The USDA recommends a minimum cooking temperature of 325 degrees Fahrenheit for beef, although traditional recipes may allow for lower temperatures. Slow-cooking beef at low temperatures, such as 275 degrees, makes for a more tender roast in most cases, but you may be risking your family's safety unless you prepare the beef properly.
Always cook ground beef at medium to high temperatures until it is cooked all the way through to an internal temperature of 160 degrees Fahrenheit. Bacteria gathers on the surface of meat, but with ground beef, what once was the surface is mixed in with the meat in general, leading to greater bacteria risk. Whole cuts of meat can be cooked at lower temperatures -- and to lower internal temperatures -- because one purpose of cooking is to kill that bacteria, and it has no way of getting to the center of uncut beef.
Safe Low-Heat Cooking
When cooking a whole roast at a low temperature, do not pierce the beef in any way -- including with a cooking thermometer -- until the beef's surface temperature is at least 160 degrees Fahrenheit. Otherwise, you can carry bacteria into the center of the beef with your cooking utensil, where it is cooler and the bacteria can survive. Use your hands or tongs to place the beef in a pan, and use tongs to turn it over, if necessary, without piercing it. At 275 degrees, you can slow-cook the beef for several hours safely, as long as the internal temperature reaches at least 140 before you take it out of the oven to serve.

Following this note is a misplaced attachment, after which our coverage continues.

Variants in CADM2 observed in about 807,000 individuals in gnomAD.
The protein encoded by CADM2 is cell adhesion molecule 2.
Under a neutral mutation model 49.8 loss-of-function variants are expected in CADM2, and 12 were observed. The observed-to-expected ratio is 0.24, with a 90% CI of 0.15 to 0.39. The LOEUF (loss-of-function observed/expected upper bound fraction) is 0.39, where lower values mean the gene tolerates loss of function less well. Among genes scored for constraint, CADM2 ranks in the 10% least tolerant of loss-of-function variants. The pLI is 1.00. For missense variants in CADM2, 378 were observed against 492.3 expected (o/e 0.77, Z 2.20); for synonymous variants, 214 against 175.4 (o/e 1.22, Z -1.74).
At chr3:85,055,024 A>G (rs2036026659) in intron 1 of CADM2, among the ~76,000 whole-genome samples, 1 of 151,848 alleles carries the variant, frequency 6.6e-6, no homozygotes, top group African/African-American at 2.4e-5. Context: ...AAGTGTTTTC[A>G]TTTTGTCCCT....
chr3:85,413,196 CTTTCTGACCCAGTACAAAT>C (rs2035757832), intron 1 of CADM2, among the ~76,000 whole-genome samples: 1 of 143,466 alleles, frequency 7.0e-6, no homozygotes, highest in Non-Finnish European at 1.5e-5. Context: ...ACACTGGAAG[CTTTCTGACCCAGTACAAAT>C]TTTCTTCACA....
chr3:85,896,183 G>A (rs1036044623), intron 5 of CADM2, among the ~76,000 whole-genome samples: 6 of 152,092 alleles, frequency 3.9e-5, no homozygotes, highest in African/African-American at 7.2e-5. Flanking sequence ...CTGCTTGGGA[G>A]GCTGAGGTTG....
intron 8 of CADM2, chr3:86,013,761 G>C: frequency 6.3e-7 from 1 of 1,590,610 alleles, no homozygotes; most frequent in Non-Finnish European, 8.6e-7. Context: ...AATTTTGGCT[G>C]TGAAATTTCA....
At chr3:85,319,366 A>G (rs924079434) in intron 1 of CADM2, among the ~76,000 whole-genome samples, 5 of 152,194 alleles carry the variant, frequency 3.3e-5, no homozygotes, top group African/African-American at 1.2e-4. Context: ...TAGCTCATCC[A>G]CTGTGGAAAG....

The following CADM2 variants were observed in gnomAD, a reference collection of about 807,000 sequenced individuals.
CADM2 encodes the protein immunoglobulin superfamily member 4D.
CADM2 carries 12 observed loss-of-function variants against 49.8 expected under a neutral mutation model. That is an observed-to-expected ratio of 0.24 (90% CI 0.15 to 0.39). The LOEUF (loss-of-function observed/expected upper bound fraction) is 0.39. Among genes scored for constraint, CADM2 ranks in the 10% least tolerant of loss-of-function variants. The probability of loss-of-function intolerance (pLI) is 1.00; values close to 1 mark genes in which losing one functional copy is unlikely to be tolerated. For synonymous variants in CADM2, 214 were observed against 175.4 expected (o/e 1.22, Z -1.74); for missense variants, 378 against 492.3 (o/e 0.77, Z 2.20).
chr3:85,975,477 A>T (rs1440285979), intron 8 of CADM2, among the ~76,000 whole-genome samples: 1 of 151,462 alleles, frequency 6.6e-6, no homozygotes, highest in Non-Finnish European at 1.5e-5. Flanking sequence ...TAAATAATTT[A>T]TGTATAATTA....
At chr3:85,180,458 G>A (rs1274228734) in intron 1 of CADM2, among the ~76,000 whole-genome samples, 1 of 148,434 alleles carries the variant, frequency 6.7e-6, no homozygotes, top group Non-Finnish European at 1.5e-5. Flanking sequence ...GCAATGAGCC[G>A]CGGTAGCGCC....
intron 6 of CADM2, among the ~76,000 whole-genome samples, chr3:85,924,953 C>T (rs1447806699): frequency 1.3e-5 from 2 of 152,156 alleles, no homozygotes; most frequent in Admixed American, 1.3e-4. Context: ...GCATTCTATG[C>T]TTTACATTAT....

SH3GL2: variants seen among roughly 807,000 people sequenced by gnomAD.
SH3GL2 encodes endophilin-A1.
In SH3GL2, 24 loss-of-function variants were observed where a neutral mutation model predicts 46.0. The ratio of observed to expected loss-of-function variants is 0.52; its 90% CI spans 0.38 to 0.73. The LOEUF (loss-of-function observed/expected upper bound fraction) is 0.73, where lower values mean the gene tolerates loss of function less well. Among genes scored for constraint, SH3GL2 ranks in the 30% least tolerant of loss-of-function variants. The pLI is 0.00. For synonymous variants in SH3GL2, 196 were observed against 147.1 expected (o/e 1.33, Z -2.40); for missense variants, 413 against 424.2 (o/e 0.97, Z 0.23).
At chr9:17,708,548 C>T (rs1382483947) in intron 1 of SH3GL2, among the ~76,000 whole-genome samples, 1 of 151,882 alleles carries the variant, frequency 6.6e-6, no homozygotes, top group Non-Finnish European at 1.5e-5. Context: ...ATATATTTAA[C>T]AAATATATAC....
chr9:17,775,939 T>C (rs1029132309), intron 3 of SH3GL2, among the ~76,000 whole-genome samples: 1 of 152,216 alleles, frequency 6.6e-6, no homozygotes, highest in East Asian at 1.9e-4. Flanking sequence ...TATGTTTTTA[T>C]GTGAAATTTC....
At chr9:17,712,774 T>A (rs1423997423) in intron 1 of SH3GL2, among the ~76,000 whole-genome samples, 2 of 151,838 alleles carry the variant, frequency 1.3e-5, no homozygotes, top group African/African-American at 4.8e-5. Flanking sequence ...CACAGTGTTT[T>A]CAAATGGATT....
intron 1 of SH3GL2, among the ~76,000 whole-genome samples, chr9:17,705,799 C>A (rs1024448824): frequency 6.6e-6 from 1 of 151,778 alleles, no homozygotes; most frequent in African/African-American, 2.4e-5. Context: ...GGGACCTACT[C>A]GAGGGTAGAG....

Alternative Cooking Method
If you want to avoid the health risks associated with low-temperature cooking, roast your beef in a Dutch oven, which is a heavy covered roasting pan that will keep the juices in and keep the edges of your beef from drying out. Cook the beef at 325 degrees Fahrenheit in one of these pans for a flavor and tenderness that competes with slow, low-temperature roasted flavor but complies with USDA safety guidelines. You can also use a commercial slow-roaster or slow-cooker pot, and follow that device's instructions carefully for safe cooking.
Add potatoes, carrots, apples, celery and herbs, along with a small amount of dressing, juice or other liquid, to your Dutch oven or covered roasting pan when you put the meat into the oven. These items will lend their flavor to the meat and vice-versa, and the cover will keep the liquid from drying out before the other food has absorbed the flavor. Fruit in particular can balance well with the beef, adding a little extra sweetness to your roast that makes it more appealing to family members of all ages. Plus, with the fruit and veggies cooked in, you only have one pan to clean up afterward.
Anne Hirsh has been writing and editing for over 10 years. She has hands-on experience in cooking, visual arts and theater as well as writing experience covering wellness and animal-related topics. She also has extensive research experience in marketing, small business, Web development and SEO. Hirsh has a bachelor's degree in technical theater and English and post-baccalaureate training in writing and computer software.